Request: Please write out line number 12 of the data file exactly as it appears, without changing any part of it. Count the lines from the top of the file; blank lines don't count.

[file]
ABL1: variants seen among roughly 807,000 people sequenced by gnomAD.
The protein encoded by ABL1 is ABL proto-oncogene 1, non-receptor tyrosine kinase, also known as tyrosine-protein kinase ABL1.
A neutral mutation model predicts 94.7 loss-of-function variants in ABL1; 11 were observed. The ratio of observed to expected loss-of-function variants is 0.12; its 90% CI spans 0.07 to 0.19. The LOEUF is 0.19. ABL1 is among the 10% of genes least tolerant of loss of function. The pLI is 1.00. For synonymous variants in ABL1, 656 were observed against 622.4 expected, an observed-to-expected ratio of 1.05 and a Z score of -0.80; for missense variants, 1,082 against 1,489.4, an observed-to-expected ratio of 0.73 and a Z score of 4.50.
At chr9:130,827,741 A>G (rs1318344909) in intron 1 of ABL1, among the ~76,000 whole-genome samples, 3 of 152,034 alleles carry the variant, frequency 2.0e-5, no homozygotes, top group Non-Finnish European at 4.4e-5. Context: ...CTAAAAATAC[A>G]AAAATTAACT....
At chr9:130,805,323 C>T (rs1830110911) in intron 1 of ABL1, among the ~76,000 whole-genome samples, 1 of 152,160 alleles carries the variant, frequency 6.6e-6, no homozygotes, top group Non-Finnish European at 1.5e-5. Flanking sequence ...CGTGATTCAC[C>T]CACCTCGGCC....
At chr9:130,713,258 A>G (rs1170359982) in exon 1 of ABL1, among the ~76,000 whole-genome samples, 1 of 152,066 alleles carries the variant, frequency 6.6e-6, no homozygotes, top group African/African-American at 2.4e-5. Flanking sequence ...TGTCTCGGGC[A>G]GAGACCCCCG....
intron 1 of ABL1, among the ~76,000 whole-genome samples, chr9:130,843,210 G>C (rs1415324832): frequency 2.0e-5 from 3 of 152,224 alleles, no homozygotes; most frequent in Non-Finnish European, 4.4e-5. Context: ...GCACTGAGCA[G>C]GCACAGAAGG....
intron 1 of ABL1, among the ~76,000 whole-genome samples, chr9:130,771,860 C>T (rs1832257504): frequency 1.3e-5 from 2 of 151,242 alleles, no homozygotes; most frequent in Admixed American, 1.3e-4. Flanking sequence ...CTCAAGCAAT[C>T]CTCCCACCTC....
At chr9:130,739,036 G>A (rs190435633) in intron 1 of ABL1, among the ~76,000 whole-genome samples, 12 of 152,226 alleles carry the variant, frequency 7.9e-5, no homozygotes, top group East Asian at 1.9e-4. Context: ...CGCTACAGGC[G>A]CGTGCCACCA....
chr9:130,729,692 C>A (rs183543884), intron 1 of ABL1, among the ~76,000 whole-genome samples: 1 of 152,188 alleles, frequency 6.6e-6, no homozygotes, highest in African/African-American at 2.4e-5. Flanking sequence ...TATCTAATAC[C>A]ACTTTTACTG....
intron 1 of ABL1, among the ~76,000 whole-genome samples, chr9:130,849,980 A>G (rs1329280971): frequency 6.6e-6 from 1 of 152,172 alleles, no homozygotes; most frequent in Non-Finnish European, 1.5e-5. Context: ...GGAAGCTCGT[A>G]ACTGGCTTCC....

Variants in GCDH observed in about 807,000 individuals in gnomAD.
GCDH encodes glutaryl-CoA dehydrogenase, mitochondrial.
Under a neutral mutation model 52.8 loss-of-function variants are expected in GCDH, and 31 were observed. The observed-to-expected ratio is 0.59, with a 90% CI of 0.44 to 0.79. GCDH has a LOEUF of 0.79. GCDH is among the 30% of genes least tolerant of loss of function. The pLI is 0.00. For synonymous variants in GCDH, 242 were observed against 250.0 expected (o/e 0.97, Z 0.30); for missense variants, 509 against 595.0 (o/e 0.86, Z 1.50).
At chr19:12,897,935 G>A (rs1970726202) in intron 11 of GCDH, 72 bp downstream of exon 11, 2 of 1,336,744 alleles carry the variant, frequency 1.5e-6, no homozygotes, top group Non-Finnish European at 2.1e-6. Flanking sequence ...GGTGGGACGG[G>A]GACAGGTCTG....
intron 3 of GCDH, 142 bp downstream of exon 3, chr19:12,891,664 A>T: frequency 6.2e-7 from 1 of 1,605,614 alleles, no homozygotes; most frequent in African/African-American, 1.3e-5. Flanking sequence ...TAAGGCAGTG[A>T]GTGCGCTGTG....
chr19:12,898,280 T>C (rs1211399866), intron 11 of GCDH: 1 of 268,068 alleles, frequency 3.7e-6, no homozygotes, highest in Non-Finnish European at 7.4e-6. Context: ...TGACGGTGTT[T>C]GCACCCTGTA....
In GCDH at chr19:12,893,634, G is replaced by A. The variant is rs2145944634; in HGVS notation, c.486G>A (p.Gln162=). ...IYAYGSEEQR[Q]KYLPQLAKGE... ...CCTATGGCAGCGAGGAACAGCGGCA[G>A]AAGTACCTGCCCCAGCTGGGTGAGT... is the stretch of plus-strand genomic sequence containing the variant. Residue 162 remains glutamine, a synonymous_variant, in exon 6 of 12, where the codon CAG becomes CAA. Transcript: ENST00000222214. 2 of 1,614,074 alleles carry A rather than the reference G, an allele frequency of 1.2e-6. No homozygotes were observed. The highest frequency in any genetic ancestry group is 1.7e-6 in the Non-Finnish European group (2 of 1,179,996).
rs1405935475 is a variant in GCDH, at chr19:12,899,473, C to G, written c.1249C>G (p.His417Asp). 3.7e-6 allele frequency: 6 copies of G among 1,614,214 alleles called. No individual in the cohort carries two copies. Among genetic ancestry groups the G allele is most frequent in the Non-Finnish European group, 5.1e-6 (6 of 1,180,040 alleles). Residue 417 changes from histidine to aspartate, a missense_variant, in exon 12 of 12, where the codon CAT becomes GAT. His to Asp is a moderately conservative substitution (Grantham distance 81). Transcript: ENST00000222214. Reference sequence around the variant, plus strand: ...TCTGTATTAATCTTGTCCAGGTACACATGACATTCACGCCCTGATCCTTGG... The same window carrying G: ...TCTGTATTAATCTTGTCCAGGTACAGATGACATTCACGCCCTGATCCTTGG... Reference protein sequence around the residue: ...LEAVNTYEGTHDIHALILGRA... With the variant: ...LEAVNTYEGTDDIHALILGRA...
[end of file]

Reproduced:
Variants in GCDH observed in about 807,000 individuals in gnomAD.